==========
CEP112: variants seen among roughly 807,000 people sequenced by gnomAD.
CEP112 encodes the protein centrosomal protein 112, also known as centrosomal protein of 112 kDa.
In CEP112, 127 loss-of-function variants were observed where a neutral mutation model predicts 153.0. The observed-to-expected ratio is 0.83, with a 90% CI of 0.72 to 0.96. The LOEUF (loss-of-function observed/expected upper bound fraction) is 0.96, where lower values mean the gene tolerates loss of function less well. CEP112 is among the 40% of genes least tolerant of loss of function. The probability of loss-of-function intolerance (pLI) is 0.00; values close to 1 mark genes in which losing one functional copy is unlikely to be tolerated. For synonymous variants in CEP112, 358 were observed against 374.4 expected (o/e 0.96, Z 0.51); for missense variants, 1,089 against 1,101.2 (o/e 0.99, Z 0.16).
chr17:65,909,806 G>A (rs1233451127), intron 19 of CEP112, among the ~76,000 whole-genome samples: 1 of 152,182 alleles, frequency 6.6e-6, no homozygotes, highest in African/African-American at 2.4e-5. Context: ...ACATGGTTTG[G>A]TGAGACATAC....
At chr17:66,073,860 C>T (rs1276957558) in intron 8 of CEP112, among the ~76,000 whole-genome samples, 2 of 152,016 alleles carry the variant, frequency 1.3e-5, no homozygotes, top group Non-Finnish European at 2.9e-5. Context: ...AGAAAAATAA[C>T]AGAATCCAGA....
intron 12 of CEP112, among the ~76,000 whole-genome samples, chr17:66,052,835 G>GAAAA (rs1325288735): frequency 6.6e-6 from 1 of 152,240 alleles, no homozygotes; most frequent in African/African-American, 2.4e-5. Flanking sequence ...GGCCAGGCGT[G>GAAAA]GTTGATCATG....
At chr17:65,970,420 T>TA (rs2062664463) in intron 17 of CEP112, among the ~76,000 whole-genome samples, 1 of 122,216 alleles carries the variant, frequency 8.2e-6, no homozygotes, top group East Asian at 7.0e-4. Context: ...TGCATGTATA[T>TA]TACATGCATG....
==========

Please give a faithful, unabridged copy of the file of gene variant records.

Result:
CEP112: variants seen among roughly 807,000 people sequenced by gnomAD.
CEP112 encodes the protein centrosomal protein 112, also known as centrosomal protein of 112 kDa.
In CEP112, 127 loss-of-function variants were observed where a neutral mutation model predicts 153.0. The observed-to-expected ratio is 0.83, with a 90% CI of 0.72 to 0.96. The LOEUF (loss-of-function observed/expected upper bound fraction) is 0.96, where lower values mean the gene tolerates loss of function less well. CEP112 is among the 40% of genes least tolerant of loss of function. The probability of loss-of-function intolerance (pLI) is 0.00; values close to 1 mark genes in which losing one functional copy is unlikely to be tolerated. For synonymous variants in CEP112, 358 were observed against 374.4 expected (o/e 0.96, Z 0.51); for missense variants, 1,089 against 1,101.2 (o/e 0.99, Z 0.16).
chr17:65,909,806 G>A (rs1233451127), intron 19 of CEP112, among the ~76,000 whole-genome samples: 1 of 152,182 alleles, frequency 6.6e-6, no homozygotes, highest in African/African-American at 2.4e-5. Context: ...ACATGGTTTG[G>A]TGAGACATAC....
At chr17:66,073,860 C>T (rs1276957558) in intron 8 of CEP112, among the ~76,000 whole-genome samples, 2 of 152,016 alleles carry the variant, frequency 1.3e-5, no homozygotes, top group Non-Finnish European at 2.9e-5. Context: ...AGAAAAATAA[C>T]AGAATCCAGA....
intron 12 of CEP112, among the ~76,000 whole-genome samples, chr17:66,052,835 G>GAAAA (rs1325288735): frequency 6.6e-6 from 1 of 152,240 alleles, no homozygotes; most frequent in African/African-American, 2.4e-5. Flanking sequence ...GGCCAGGCGT[G>GAAAA]GTTGATCATG....
At chr17:65,970,420 T>TA (rs2062664463) in intron 17 of CEP112, among the ~76,000 whole-genome samples, 1 of 122,216 alleles carries the variant, frequency 8.2e-6, no homozygotes, top group East Asian at 7.0e-4. Context: ...TGCATGTATA[T>TA]TACATGCATG....